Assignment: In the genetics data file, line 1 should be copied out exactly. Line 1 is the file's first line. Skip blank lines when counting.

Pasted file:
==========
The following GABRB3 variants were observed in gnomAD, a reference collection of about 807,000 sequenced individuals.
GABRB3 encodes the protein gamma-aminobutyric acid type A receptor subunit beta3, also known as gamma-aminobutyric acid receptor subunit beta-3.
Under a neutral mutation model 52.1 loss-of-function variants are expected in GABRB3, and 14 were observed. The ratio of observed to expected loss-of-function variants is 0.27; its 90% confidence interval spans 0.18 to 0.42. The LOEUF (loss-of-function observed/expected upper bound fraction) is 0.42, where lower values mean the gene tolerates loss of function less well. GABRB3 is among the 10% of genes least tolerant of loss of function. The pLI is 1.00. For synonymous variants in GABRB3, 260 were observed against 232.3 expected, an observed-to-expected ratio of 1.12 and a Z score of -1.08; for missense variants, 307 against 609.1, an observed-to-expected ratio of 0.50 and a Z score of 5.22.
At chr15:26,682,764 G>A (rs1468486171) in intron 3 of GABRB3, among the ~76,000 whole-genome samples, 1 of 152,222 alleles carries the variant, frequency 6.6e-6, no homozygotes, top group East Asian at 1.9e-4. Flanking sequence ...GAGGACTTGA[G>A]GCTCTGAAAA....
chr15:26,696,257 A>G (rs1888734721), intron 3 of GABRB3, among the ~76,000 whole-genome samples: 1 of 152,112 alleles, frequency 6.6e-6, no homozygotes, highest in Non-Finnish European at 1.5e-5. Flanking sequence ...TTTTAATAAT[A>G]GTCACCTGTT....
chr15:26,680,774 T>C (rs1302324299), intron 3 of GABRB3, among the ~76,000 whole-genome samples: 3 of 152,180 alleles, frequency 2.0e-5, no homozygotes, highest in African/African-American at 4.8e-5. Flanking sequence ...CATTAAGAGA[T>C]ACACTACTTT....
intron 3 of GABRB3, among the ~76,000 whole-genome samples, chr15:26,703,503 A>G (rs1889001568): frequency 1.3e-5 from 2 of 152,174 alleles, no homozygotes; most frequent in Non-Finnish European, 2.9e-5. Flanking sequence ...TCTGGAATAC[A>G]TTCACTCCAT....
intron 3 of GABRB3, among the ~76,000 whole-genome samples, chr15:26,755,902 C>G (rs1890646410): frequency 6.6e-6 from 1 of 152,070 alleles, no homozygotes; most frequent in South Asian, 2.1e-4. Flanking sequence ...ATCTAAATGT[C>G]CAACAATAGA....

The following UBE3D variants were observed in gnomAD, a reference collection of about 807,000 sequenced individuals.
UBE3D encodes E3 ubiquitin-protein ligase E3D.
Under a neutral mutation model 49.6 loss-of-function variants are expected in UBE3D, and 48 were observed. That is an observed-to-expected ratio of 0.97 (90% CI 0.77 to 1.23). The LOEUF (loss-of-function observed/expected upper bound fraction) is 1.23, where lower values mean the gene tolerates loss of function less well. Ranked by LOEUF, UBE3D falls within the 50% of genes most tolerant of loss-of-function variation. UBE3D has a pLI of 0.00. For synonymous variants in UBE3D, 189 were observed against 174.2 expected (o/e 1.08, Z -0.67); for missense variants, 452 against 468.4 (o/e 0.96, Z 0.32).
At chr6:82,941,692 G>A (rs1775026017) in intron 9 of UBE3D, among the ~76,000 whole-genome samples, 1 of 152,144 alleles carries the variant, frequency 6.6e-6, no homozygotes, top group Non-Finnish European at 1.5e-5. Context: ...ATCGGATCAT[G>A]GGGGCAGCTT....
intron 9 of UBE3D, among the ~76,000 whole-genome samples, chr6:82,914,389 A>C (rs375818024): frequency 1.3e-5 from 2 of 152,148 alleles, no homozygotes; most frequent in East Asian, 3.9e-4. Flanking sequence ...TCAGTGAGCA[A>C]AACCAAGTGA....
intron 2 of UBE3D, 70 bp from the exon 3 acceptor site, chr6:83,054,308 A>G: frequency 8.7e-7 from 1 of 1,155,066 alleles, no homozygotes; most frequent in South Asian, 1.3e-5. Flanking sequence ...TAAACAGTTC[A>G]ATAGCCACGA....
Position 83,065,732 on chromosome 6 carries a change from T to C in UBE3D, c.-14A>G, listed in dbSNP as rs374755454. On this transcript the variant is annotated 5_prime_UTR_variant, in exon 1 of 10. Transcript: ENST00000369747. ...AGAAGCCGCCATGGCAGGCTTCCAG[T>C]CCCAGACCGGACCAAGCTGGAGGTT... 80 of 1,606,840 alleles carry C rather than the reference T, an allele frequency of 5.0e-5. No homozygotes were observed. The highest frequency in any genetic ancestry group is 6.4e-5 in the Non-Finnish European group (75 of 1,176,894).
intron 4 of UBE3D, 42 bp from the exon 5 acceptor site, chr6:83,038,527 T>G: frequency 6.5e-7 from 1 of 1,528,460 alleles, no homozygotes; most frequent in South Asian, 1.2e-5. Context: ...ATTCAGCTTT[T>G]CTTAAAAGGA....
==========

The following GABRB3 variants were observed in gnomAD, a reference collection of about 807,000 sequenced individuals.